everyone else just trying to get through the day
and the place you're dreaming of seems possible—
somewhere to get to.

All you really know
is that it hurts here, the way feelings
are bigger than we are, and a woman's face
in a third-story window, her limp hair
and the pots of red geraniums luring you
into her suffering until you're walking on roads
inscribed in your own body. The maps
you never speak of. Intersections, train stations,
roadside benches, the names of places and
people you've known all bearing the weight
of cashing a check or your having to eat something,
of glimpsing the newspaper's ghoulish headlines.

Like everyone else, you think,
the struggle is toward a better time, though
no pressure surrounds the house you were born in.
Cool, quieter, a vast primitive light
where nothing happens but the sound
of your sole self breathing.
And you've decisions to make. Isn't that why
you've come? with a bald-headed man at the bar
and your friends all over the place, anxious,
tired, a little less sturdy than you'd hoped for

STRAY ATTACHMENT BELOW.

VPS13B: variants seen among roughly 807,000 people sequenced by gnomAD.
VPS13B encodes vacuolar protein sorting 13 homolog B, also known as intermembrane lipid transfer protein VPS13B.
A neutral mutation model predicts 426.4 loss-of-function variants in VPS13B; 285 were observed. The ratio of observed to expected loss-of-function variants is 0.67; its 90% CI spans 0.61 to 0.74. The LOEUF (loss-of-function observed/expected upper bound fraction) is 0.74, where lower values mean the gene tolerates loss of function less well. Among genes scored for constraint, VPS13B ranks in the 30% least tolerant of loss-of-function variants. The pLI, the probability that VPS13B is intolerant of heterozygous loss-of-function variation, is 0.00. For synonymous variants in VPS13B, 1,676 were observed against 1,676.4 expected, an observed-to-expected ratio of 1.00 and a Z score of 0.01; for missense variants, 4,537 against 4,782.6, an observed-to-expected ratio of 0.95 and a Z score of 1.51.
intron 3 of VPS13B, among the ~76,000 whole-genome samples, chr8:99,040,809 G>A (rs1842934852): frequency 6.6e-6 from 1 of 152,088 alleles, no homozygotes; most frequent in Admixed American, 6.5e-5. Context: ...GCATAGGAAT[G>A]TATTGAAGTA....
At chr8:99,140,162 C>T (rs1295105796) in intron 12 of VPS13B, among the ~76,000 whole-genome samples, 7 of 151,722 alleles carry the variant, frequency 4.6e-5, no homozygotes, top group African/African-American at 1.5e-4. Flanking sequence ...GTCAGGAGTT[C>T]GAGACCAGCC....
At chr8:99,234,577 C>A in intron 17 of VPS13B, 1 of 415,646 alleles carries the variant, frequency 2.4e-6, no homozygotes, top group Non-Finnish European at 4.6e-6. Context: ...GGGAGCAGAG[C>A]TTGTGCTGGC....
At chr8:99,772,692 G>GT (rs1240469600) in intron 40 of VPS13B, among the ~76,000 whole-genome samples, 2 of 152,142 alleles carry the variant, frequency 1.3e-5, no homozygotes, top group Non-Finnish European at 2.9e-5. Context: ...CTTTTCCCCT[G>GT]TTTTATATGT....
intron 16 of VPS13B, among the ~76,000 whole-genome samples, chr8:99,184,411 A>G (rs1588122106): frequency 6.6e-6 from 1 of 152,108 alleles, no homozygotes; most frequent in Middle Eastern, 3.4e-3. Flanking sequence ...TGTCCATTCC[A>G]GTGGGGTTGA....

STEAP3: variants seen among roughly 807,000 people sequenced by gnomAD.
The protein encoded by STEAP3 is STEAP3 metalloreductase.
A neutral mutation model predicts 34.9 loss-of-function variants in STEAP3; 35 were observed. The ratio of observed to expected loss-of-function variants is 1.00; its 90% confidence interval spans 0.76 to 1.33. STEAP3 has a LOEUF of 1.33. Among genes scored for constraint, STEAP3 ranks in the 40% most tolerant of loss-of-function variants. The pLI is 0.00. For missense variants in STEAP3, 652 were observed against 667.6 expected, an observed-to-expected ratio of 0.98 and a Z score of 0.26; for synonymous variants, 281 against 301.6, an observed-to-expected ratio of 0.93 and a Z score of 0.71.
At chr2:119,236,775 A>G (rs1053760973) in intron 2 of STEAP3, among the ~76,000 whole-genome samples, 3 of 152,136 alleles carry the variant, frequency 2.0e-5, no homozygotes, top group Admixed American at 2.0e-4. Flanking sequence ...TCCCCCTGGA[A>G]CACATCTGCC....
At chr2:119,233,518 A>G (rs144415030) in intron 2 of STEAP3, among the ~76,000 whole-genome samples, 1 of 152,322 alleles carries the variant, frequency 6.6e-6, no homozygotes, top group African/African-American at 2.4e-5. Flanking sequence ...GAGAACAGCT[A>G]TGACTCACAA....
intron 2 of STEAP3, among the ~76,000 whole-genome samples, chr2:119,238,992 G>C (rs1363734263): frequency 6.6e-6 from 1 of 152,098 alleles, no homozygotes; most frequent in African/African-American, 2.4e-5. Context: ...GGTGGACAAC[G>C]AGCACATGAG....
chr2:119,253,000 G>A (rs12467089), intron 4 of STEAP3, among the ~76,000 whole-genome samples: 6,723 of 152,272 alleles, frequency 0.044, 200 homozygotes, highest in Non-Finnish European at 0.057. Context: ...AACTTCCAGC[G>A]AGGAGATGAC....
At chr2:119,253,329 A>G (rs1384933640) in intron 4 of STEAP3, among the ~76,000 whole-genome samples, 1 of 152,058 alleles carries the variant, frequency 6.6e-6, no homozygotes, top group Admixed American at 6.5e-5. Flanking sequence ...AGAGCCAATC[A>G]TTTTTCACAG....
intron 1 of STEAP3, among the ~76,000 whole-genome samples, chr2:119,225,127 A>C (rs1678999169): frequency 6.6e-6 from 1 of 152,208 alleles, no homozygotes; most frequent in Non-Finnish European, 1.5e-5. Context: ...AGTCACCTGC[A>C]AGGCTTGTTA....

and needing someone to kick around, someone to love.

-Ralph Angel

Just found Mr. Angel recently, and I kinda want to be his someone to kick around. But I'll settle for just reading everything of his that I can my get my grubby little paws on. Yay, I say. Yayness squared.

4:27 PM :: 3 comments ::

Kasey :: permalink

Casida of the Reclining Woman

Ditty of First Desire

In the green morning
I wanted to be a heart.
A heart.

And in the ripe evening
I wanted to be a nightingale.
A nightingale.

turn orange-colored.
turn the color of love.)

In the vivid morning
I wanted to be myself.
A heart.

And at the evening's end
I wanted to be my voice.
A nightingale.

turn orange-colored.
turn the color of love.

-Federico García Lorca

Around these parts I'm known as something of a female Don Juan. My stunning good looks and winning demeanor combine to create a force that no man can deny. That is, almost no man.

The chef where I work is improbably attractive, and I make it my job to tell him this everyday. I use such openings as, "She said her gnocchi wasn't hot...but you sure are," and "The consolidated system reports didn't get faxed last night....in other news, I want to touch your no-no spots." Do you see my clever wordplay? The undeniable brilliance that turns each come-on into beautiful soliloquies of desire?